What can population change cause? For instance, as in the POST-GET example above, it can change the nature of the system, driving it from being a read intensive system, to a write intensive system — those systems have completely different design characteristics!
Another example might be that the requests in the system becomes “heavier” — for example, if you’re serving 1K RPS with median latency of 50ms, onboarding a new customer might change the population causing you to serve 1.1K RPS with a median latency of 200ms — a 10% change in throughput causing a 400% impact on median latency.
Maybe the requests sent by this new customer are larger in size, or require heavier computations.
These things happen! They are hard to identify, and we need to be aware of them!
Time changes, and we don’t even think of it!
That means any time-based logic is prone to errors and bugs that will be manifested only in specific times or dates.
I once saw a
if request.created_at > “2023–04–22: return BAD_REQUESTin a production system. I didn’t know why someone expected the end of the world to happen in April 2023, but this was a time bomb waiting to happen.
We found it by sheer chance before it triggered.
The operating system / infrastructure applications might have jobs scheduled for specific times, during which the system behaves differently. For example — when the Postgres VACUUM job triggers — performance might be impacted severely.
It is a known issue in general purpose scheduling systems that human generated jobs tend to be scheduled on a round hour — that means your production infrastructure will have spiky load at those times.
Long Running Apps and Instances
On one of my first vacations on the job, the system went down just because we stopped deploying daily, and an instance ran for 3 days straight for the first time. It had a misconfigured log rotation configuration, causing its disk to fill up and crash.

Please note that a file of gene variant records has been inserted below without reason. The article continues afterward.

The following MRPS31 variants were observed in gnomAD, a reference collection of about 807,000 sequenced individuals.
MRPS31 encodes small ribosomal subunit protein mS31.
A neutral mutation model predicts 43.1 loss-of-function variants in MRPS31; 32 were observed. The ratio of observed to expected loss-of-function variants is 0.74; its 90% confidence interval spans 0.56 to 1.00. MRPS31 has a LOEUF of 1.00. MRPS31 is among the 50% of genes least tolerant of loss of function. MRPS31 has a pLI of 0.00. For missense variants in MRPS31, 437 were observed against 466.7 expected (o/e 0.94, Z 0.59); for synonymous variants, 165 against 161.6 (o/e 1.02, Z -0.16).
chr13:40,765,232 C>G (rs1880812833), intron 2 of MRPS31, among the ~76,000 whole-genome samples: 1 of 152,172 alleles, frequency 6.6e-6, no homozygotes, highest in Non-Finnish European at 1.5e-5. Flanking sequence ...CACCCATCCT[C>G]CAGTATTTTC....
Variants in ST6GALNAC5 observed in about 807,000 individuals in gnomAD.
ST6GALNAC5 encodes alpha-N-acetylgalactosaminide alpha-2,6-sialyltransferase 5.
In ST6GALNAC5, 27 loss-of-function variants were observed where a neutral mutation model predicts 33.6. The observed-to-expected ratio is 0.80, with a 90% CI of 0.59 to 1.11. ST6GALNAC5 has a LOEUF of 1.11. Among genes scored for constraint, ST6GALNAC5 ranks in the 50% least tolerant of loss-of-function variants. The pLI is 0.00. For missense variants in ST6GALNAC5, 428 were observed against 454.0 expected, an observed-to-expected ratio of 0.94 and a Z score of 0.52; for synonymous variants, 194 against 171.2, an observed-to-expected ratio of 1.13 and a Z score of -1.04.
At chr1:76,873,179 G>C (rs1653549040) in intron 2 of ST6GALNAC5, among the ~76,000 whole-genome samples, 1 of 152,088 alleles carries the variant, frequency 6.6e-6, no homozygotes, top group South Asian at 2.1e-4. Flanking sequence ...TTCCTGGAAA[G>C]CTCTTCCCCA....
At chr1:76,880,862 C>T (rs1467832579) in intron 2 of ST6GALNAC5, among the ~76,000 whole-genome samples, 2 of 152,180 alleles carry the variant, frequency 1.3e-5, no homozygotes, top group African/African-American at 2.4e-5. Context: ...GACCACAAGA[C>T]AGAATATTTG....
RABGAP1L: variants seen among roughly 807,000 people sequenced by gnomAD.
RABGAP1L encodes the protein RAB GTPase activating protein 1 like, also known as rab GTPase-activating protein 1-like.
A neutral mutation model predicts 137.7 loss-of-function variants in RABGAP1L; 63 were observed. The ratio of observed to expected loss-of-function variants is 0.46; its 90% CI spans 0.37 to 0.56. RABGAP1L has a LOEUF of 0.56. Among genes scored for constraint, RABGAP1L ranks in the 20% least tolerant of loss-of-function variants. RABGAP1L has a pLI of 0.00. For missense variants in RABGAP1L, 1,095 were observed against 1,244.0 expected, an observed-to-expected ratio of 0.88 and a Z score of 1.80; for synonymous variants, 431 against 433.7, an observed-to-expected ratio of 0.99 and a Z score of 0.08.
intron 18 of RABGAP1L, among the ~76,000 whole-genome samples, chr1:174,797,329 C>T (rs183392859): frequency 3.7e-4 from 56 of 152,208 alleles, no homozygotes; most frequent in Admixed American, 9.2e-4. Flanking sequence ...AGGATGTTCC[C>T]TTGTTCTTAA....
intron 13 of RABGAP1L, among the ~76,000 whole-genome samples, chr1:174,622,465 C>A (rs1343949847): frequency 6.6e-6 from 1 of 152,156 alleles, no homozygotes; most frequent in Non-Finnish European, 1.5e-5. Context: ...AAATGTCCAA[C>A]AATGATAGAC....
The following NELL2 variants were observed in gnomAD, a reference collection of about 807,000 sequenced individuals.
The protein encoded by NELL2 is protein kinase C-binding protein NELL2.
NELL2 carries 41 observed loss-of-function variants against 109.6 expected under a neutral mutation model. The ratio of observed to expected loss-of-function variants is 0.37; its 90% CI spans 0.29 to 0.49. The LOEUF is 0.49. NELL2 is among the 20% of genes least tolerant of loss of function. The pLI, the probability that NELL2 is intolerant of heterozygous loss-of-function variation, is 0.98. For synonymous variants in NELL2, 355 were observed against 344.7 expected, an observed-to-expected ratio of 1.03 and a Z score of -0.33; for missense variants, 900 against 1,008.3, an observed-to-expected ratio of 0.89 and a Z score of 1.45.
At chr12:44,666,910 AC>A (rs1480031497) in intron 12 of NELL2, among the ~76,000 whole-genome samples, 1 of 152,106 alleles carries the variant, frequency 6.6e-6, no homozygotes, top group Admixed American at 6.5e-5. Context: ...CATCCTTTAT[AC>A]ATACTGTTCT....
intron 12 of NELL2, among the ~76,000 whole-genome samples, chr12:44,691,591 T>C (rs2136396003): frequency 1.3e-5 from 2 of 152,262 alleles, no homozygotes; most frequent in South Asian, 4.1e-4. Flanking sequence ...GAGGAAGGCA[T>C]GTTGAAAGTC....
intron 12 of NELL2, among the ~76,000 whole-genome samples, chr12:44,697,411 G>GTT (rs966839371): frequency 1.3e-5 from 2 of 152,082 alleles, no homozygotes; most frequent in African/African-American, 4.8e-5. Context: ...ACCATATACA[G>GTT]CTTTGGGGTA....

The fact that your instance hasn’t been reset for a long period of time is a change by itself! It might be the first time it has been running for such a long time.
Generalizing the above example — a large scale system has the tendency to reach various saturation points when running over long periods of time without the proper maintenance.
Some examples i’ve encountered in the wild:
- DB that gets to some limits and starts to slow down
- Reaching the point where you get to the limit set by your improper log rotation configuration
- Getting to the point where the memory leaks you have lurking finally reach their critical point
The only way to check this is to actually run the system for a long time, under load.
The amount of such changes that can take a production system down is huge, and I’m not even pretending to be able to cover them all.
Thinking and covering all those possibilities is a time consuming effort, and until you’ve seen production systems in the wild go down on a 500 jobs scheduled at the same moment at midnight, or an instance with a memory leak that ran for the first time for a week — it’s hard to think of these scenarios.
I hope this post, and my personal experience, helped open your eyes to different ways your production system can fail, and nudge you to block some time and think about what’s relevant in your production environment.
As always, thoughts and comments are welcome on Twitter at @cherkaskyb